distress, the New Jersey Supreme Court has held that such a claim based on the publication of a
false statement requires the plaintiff to demonstrate that the defendant engaged in per se
defamation. Decker v. Princeton Packet, Inc., 116 N.J. 418, 432 (N.J. 1989). As the Court will
discuss, Plaintiff fails to meet this standard.
In his opposition brief, Plaintiff Marino makes the new factual allegation that Defendant
Mattessich told attendees of the October 21, 2014 Board meeting that “coaches cannot be
disparaging players.” ECF No. 10 at 5. The Court need not determine whether this statement is
defamatory because it is “axiomatic that the complaint may not be amended by the briefs in
opposition to a motion to dismiss.” Pennsylvania ex rel Zimmerman v. PepsiCo, Inc., 836 F.2d
173, 181 (3d Cir. 1988) (citation omitted). This allegation is not in the complaint and will not be
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that all of the Defendants, “jointly and severally, engaged in purposeful, reckless, careless, and
negligent statements,” further specifying that “Defendants made false statements of fact which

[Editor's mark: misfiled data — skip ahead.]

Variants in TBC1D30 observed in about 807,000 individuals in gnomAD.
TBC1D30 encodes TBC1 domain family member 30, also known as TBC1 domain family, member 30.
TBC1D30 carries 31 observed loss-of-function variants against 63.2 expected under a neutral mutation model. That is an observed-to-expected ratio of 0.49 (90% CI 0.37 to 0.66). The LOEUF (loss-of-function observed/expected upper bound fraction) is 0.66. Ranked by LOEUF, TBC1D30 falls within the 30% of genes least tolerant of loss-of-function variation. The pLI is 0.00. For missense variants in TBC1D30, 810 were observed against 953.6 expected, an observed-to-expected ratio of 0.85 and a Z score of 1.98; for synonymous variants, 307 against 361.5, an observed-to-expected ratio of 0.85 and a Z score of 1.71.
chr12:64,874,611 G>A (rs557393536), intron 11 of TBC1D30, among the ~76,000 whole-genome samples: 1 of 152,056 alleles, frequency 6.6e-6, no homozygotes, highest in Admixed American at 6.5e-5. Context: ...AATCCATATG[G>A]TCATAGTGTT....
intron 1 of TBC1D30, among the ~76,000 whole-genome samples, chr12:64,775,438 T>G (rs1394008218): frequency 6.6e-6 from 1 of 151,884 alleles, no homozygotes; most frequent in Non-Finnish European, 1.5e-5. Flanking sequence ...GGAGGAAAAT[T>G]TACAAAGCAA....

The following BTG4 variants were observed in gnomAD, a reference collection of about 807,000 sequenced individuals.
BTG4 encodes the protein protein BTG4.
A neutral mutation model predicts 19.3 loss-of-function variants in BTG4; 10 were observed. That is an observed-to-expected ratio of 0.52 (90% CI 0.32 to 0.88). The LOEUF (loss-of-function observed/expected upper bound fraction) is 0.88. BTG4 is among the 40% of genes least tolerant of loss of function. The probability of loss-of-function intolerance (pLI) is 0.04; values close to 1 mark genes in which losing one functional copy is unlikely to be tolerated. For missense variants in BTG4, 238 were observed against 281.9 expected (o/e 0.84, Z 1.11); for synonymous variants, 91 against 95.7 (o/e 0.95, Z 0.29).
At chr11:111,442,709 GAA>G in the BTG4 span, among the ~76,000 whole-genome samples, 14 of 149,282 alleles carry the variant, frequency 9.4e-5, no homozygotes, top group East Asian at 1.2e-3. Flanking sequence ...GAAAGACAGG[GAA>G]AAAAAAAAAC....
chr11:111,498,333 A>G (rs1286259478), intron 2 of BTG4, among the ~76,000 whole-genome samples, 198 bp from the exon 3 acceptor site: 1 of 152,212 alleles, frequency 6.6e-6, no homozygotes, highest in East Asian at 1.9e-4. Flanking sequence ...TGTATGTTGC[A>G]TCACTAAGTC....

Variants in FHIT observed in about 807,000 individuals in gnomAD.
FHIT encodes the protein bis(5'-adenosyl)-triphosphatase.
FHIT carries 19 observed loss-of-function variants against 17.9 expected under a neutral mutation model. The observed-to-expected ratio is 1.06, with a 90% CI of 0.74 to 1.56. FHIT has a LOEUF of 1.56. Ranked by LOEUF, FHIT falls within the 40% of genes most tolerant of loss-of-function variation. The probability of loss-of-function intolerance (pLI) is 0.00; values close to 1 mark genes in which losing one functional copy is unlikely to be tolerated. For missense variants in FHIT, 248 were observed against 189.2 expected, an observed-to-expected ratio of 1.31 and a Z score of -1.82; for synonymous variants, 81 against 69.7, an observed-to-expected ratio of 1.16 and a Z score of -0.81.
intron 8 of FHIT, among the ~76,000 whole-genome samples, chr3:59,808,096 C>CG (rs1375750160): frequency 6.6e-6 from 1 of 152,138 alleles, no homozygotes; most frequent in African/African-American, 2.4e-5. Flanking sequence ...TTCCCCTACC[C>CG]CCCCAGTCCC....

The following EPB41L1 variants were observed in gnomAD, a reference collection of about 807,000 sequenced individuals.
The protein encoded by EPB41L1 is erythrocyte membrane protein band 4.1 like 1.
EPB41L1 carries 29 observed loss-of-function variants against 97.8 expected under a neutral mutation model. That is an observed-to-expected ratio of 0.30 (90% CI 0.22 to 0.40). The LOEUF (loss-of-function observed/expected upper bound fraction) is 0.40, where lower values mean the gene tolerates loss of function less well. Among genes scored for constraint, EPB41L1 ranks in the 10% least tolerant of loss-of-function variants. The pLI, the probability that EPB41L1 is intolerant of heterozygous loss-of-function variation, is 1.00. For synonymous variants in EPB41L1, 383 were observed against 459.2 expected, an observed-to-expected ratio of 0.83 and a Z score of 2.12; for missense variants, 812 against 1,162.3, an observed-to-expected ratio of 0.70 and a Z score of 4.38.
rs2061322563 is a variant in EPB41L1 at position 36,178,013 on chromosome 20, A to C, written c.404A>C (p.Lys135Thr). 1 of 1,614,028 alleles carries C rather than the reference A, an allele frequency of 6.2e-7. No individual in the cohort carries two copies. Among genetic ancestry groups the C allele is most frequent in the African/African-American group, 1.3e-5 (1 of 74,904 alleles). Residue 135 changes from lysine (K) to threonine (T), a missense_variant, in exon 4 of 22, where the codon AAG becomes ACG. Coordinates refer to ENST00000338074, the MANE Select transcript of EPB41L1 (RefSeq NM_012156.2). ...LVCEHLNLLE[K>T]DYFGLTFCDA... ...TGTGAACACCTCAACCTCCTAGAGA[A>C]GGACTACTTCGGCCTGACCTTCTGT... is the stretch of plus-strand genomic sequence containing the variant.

was circulated social media,” Id. Count Two
¶ 3, but he only alleges that Slater made any
specific false statements.
With regard to the claims against the Westfield Board of Education itself, New Jersey
does recognize the doctrine of respondeat superior for employers in defamation claims. Senna v.
florimont, 196 N.J. 469, 501 n.22 (N.J. 2008). But an employer will only beheld vicariously
liable for the tortious act of an employee if the employee committing the act was acting within
the scope of his employment. Printing Mart-Morristown v. Sharp Electronics Corp., 116 N.J.
739, 771 (N.J. 1989). Plaintiff Marino does not allege that Defendant Slater’s Facebook and
Twitter posts were actions “of the kind that [Slater] is employed to perform” or occurred “within
the authorized time and space limits” of his role as a Board member, Id. (quoting Di Cosala v.
Kay, 91 N.J. 159, 169 (N.J. 1982), so the amended complaint fails to state a vicarious liability